Online from: 1979
Subject Area: Human Resource Management
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|Title:||The practice of teamwork in health industry call centres|
|Author(s):||Raffaella Valsecchi, (Brunel Business School, Brunel University, Uxbridge, UK), Sarah Wise, (Workplace Research Centre, The University of Sydney, Sydney, Australia), Frank Mueller, (School of Management, University of St Andrews, St Andrews, UK), Chris Smith, (School of Management, Royal Holloway, University of London, Egham, UK)|
|Citation:||Raffaella Valsecchi, Sarah Wise, Frank Mueller, Chris Smith, (2012) "The practice of teamwork in health industry call centres", Employee Relations, Vol. 34 Iss: 3, pp.288 - 305|
|Keywords:||Call centres, Health care, Healthcare organisation, Nursing, Team working, Teamwork, Tele-nursing|
|Article type:||Research paper|
|DOI:||10.1108/01425451211217716 (Permanent URL)|
|Publisher:||Emerald Group Publishing Limited|
|Acknowledgements:||The authors thank the ESRC for having funded this research (ESRC grant number: R000239723).|
Purpose – This paper aims to explore the introduction of teamwork in two health call centres, NHS Direct and NHS24, and intervenes in the emergent debate over teamwork in call centres. Although within the call centre work environment there is no obvious functional rationale for teamwork, teams can be “accounted for” with reference to other purposes, including performance management, normative control, governmentality and institutional isomorphism/management fads. This research provides additional explanations for the use of teamwork in such an adverse work environment.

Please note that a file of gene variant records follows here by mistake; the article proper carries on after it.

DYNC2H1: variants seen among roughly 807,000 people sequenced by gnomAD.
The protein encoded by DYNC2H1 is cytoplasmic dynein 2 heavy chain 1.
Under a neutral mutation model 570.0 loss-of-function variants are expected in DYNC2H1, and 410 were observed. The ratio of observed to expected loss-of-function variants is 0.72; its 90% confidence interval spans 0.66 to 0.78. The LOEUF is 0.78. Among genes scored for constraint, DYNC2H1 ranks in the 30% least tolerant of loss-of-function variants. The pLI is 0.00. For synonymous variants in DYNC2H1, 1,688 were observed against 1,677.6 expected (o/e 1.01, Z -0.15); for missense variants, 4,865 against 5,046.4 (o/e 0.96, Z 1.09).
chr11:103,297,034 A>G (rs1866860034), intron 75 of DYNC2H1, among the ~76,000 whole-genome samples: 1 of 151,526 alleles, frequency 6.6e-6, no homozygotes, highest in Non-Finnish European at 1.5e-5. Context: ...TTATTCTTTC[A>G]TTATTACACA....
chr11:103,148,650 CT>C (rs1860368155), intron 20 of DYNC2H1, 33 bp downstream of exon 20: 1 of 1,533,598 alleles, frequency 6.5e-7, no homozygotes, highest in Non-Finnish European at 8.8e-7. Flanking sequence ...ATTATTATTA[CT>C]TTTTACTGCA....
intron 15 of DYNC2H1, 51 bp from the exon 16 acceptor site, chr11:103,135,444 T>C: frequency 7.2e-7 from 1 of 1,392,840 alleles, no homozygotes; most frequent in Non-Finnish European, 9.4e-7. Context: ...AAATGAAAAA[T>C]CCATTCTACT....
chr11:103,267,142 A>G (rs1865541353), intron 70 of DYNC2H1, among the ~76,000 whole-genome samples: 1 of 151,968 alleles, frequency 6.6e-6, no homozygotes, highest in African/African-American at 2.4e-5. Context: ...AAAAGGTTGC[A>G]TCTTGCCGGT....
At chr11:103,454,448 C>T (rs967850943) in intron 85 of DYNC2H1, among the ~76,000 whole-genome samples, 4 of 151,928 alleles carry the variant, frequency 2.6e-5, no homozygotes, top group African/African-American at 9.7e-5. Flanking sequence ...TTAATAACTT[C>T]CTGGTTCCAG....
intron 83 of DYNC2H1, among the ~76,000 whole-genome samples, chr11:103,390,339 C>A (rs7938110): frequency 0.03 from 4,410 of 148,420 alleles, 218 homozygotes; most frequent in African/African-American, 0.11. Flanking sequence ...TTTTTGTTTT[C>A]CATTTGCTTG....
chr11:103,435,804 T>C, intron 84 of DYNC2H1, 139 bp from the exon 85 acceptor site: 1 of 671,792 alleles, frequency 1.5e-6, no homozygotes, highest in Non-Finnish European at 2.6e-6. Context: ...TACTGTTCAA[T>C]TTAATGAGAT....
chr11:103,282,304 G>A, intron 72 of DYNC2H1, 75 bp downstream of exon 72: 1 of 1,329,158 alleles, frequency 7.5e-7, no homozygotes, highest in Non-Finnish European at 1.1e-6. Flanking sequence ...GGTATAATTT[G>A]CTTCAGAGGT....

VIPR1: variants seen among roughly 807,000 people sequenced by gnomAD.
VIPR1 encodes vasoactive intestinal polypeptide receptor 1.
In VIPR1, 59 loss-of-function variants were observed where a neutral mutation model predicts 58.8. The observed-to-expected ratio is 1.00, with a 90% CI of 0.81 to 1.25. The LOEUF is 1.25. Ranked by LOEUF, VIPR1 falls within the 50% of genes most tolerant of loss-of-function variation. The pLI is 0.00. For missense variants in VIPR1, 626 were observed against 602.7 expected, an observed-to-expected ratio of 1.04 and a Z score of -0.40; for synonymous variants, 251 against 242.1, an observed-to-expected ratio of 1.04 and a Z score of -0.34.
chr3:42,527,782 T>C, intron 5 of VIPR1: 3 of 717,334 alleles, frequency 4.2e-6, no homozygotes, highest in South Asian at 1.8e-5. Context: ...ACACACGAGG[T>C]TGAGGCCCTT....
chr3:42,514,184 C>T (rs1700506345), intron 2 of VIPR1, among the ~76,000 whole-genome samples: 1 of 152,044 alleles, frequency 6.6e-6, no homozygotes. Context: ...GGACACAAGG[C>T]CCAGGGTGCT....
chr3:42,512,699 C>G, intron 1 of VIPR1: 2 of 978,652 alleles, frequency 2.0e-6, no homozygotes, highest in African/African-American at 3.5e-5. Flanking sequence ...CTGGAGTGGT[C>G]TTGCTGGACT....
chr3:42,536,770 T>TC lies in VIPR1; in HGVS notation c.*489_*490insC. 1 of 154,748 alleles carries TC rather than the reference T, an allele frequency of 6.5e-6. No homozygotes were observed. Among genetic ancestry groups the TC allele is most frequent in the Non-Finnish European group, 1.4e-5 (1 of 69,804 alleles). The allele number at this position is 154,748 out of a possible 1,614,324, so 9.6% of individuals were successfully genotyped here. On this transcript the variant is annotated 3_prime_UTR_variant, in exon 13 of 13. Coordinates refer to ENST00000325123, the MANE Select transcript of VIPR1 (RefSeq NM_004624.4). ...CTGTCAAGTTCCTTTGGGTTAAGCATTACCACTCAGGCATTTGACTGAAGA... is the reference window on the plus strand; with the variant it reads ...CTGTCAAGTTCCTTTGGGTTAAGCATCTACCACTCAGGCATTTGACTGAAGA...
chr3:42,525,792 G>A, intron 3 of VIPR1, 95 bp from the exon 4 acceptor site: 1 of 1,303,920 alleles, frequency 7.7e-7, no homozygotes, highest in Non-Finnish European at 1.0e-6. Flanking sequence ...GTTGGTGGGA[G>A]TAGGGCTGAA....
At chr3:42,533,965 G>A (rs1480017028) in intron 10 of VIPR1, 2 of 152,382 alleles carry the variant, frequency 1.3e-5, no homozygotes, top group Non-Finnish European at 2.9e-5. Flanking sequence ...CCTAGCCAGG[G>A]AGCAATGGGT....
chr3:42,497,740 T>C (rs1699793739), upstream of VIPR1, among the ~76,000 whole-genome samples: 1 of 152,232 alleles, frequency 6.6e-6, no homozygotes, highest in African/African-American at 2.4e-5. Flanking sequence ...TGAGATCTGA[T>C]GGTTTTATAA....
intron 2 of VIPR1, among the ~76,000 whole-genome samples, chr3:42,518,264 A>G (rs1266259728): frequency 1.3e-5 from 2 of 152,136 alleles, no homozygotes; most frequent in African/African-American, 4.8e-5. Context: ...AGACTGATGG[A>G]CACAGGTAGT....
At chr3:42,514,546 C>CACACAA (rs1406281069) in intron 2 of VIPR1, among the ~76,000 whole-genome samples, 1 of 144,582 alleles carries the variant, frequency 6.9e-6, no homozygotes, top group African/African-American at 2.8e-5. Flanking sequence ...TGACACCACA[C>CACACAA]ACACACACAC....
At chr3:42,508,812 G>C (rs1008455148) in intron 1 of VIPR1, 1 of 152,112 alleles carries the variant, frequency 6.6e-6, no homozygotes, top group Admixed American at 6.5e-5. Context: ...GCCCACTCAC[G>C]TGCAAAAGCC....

Design/methodology/approach – The paper is based on qualitative data (interviews and non-participant observations) from NHS Direct and NHS24, the English and Scottish tele-nursing organisations in the UK.
Findings – In the two tele-nursing case studies analysed, teamwork was introduced as an expression of managers' aspirations to emulate private sector practices and to reinforce new public management ideals. However, informal teamwork, which cut across organisationally prescribed forms, provided both emotional support and spontaneous knowledge sharing among nurses.
Originality/value – This is an innovative study because teamwork has not been thoroughly explored in a health call centre environment.
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